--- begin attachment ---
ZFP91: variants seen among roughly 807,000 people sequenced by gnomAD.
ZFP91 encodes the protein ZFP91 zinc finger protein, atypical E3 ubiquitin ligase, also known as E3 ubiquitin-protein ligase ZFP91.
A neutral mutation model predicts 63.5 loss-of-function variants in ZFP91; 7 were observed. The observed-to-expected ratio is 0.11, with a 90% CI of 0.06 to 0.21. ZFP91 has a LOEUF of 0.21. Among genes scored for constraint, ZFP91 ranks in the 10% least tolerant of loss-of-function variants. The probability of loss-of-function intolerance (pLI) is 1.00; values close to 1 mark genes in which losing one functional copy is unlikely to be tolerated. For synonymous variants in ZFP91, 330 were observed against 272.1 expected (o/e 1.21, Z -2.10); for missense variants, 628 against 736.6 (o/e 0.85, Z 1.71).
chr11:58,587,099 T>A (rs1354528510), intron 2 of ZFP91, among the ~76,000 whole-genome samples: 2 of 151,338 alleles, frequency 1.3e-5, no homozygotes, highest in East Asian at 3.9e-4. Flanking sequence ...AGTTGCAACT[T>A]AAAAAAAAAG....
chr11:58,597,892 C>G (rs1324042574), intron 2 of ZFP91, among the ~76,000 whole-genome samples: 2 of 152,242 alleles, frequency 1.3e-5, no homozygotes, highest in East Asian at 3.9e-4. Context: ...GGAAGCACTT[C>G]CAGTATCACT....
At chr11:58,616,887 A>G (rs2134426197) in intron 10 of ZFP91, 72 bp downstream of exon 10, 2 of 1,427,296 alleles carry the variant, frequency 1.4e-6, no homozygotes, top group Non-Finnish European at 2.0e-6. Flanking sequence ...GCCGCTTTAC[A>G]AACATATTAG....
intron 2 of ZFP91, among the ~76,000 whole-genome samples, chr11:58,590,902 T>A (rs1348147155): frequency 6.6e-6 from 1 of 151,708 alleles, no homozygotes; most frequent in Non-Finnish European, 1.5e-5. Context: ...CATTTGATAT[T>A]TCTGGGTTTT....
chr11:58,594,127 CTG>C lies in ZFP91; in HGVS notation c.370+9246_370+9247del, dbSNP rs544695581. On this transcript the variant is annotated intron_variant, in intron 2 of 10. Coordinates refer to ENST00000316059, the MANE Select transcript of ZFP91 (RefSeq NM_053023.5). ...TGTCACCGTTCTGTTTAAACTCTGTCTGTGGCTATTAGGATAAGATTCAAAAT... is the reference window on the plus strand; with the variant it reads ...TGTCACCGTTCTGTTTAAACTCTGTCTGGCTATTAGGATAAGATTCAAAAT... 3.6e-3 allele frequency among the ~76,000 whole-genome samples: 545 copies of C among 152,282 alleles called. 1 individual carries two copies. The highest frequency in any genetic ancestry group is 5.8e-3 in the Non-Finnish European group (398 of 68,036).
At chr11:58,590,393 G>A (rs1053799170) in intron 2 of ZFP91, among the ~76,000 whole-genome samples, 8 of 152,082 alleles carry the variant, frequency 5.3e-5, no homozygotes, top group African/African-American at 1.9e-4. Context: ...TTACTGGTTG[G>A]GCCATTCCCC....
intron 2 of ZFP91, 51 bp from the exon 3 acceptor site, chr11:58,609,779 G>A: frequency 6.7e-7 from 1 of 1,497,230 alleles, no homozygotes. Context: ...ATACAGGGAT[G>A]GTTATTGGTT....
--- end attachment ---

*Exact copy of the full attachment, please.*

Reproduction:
ZFP91: variants seen among roughly 807,000 people sequenced by gnomAD.
ZFP91 encodes the protein ZFP91 zinc finger protein, atypical E3 ubiquitin ligase, also known as E3 ubiquitin-protein ligase ZFP91.
A neutral mutation model predicts 63.5 loss-of-function variants in ZFP91; 7 were observed. The observed-to-expected ratio is 0.11, with a 90% CI of 0.06 to 0.21. ZFP91 has a LOEUF of 0.21. Among genes scored for constraint, ZFP91 ranks in the 10% least tolerant of loss-of-function variants. The probability of loss-of-function intolerance (pLI) is 1.00; values close to 1 mark genes in which losing one functional copy is unlikely to be tolerated. For synonymous variants in ZFP91, 330 were observed against 272.1 expected (o/e 1.21, Z -2.10); for missense variants, 628 against 736.6 (o/e 0.85, Z 1.71).
chr11:58,587,099 T>A (rs1354528510), intron 2 of ZFP91, among the ~76,000 whole-genome samples: 2 of 151,338 alleles, frequency 1.3e-5, no homozygotes, highest in East Asian at 3.9e-4. Flanking sequence ...AGTTGCAACT[T>A]AAAAAAAAAG....
chr11:58,597,892 C>G (rs1324042574), intron 2 of ZFP91, among the ~76,000 whole-genome samples: 2 of 152,242 alleles, frequency 1.3e-5, no homozygotes, highest in East Asian at 3.9e-4. Context: ...GGAAGCACTT[C>G]CAGTATCACT....
At chr11:58,616,887 A>G (rs2134426197) in intron 10 of ZFP91, 72 bp downstream of exon 10, 2 of 1,427,296 alleles carry the variant, frequency 1.4e-6, no homozygotes, top group Non-Finnish European at 2.0e-6. Flanking sequence ...GCCGCTTTAC[A>G]AACATATTAG....
intron 2 of ZFP91, among the ~76,000 whole-genome samples, chr11:58,590,902 T>A (rs1348147155): frequency 6.6e-6 from 1 of 151,708 alleles, no homozygotes; most frequent in Non-Finnish European, 1.5e-5. Context: ...CATTTGATAT[T>A]TCTGGGTTTT....
chr11:58,594,127 CTG>C lies in ZFP91; in HGVS notation c.370+9246_370+9247del, dbSNP rs544695581. On this transcript the variant is annotated intron_variant, in intron 2 of 10. Coordinates refer to ENST00000316059, the MANE Select transcript of ZFP91 (RefSeq NM_053023.5). ...TGTCACCGTTCTGTTTAAACTCTGTCTGTGGCTATTAGGATAAGATTCAAAAT... is the reference window on the plus strand; with the variant it reads ...TGTCACCGTTCTGTTTAAACTCTGTCTGGCTATTAGGATAAGATTCAAAAT... 3.6e-3 allele frequency among the ~76,000 whole-genome samples: 545 copies of C among 152,282 alleles called. 1 individual carries two copies. The highest frequency in any genetic ancestry group is 5.8e-3 in the Non-Finnish European group (398 of 68,036).
At chr11:58,590,393 G>A (rs1053799170) in intron 2 of ZFP91, among the ~76,000 whole-genome samples, 8 of 152,082 alleles carry the variant, frequency 5.3e-5, no homozygotes, top group African/African-American at 1.9e-4. Context: ...TTACTGGTTG[G>A]GCCATTCCCC....
intron 2 of ZFP91, 51 bp from the exon 3 acceptor site, chr11:58,609,779 G>A: frequency 6.7e-7 from 1 of 1,497,230 alleles, no homozygotes. Context: ...ATACAGGGAT[G>A]GTTATTGGTT....